# A loss and gain problem

This is a very simple but confusing puzzle.

A customer buys goods worth $200$ rupees from a shop. The shopkeeper selling these goods makes zero profit from this purchase.

The lady gives him a $1000$ rupee note.

The shopkeeper has no change, so he goes next door to another shopkeeper to get change for the $1000$ rupee note. He keeps $200$ for himself and returns $800$ to the customer.

Later, the second shopkeeper from next door comes back with the $1000$ rupee note with a stamp on it saying "counterfeit" and takes his money back.

How much loss does the first shopkeeper face?

• Indeed that puzzle is phrased confusingly. What does it even mean? Duplicate? – dfeuer May 30 '13 at 18:06
• that is fake currency notes – iostream007 May 30 '13 at 18:08
• I think the lady purchased an item worth 200 with a 1000 bill. The shopkeeper makes the correct change, later to find out that the bill was counterfeit? – Mark May 30 '13 at 18:13
• so at selling lady and shopkeeper are OK but that 1000rs will've to given by shopkeeper and this is lOSS – iostream007 May 30 '13 at 18:17
• Yes. It seems like that. And that question doesnt have any accepted answers! – selvin Jun 13 '13 at 7:44

The shopkeeper hasn't suffered any loss until the next shop's owner comes over and demands his 1000 rupees back. The shopkeeper hasn't gained anything either, since his profit margin is zero.

Thus, after he reimburses the next shop's owner, he's out 1000 rupees.

since shopkeeper selling good with zero profit so $200$rs of good selling is not his profit.so when he return 1000 to his neighbor shopkeeper he is in LOSS of $1000$rs. People thinks its answer will be 800.

• Try to explain this to the IRS :) The good part of this question is: Reading comprehension. I like this question and will upvote it! – imranfat May 30 '13 at 18:11
• IRS? what is this? – iostream007 May 30 '13 at 18:13
• @iostream007: The Internal Revenue Service, the US national tax authority. – Ross Millikan May 30 '13 at 18:15
• This is correct. It is simple if you just focus on what he had at the start of the day, which was the goods +1000 rs, and what he had at the end of the day, which was nothing. Since he received nothing (except a fraudulent note) he is out that much. – Ross Millikan May 30 '13 at 18:18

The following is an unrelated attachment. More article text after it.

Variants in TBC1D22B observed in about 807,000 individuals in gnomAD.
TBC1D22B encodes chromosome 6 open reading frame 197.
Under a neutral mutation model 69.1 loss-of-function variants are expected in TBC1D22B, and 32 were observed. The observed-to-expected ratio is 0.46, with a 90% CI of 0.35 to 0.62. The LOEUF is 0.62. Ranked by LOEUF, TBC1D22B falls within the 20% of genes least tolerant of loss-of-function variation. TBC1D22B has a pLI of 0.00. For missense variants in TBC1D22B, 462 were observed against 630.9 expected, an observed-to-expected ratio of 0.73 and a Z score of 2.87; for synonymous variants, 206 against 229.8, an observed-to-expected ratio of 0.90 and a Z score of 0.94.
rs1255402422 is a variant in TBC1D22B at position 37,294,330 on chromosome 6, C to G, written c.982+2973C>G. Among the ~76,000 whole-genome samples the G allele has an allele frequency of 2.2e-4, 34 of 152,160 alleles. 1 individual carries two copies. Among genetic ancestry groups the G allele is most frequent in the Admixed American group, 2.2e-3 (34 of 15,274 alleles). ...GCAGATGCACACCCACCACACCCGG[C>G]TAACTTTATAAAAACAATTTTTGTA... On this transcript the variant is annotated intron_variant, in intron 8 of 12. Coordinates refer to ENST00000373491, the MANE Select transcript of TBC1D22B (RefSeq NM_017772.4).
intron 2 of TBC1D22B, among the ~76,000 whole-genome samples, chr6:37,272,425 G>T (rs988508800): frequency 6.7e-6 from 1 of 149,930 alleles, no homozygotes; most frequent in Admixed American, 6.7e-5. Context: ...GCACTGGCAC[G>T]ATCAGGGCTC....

• ok i didn't get that was joke :P – iostream007 May 30 '13 at 18:18

The shopkeeper loses $1000$ rupees. Here is a flow chart of each transaction:

$$0\xrightarrow{\text{sold goods}} -200\xrightarrow{\text{borrowed from neighbor}} 800\xrightarrow{\text{change to woman}} 0\xrightarrow{\text{paid back neighbor}} -1000$$

Another way to think about this is total gain/loss for all parties involved. The woman gains $200$ from the goods, and $800$ from the change. There is no gain or loss for the neighbor. Since its a zero sum game, it follows that the shopkeeper loses $1000.$

The easiest way to solve this problem is to ignore the counterfeit bill until the end. Instead, assume the shopkeeper's neighbor comes back the next day to make change himself. Only after making change does the shopkeeper notice the counterfeit.

1. Customer gives shopkeeper 1000rs note. Shopkeeper is +1000.
2. Shopkeeper gives neighbor 100rs note. Receives 1000rs change. Shopkeeper is +1000.
3. Shopkeeper gives customer 800rs + 200rs in goods. Shopkeeper is 0.
4. Neighbor comes and asks for change for 1000rs note. Hands shopkeeper same note. Shopkeeper gives change. Shopkeeper is 0.
5. Shopkeeper notices note is counterfeit. Fake 1000rs is worth nothing. Shopkeeper is -1000.

This is the flow of money had the exchange been genuine. Click to expand.

1. Everyone is at zero standing, meaning no net money flows have happened.
2. The shopkeeper gives the item worth 200 to the customer and receives 1000 in return, but hasn't given change yet. Hence he is 800 up, the customer is 800 down. No net change on the creditor.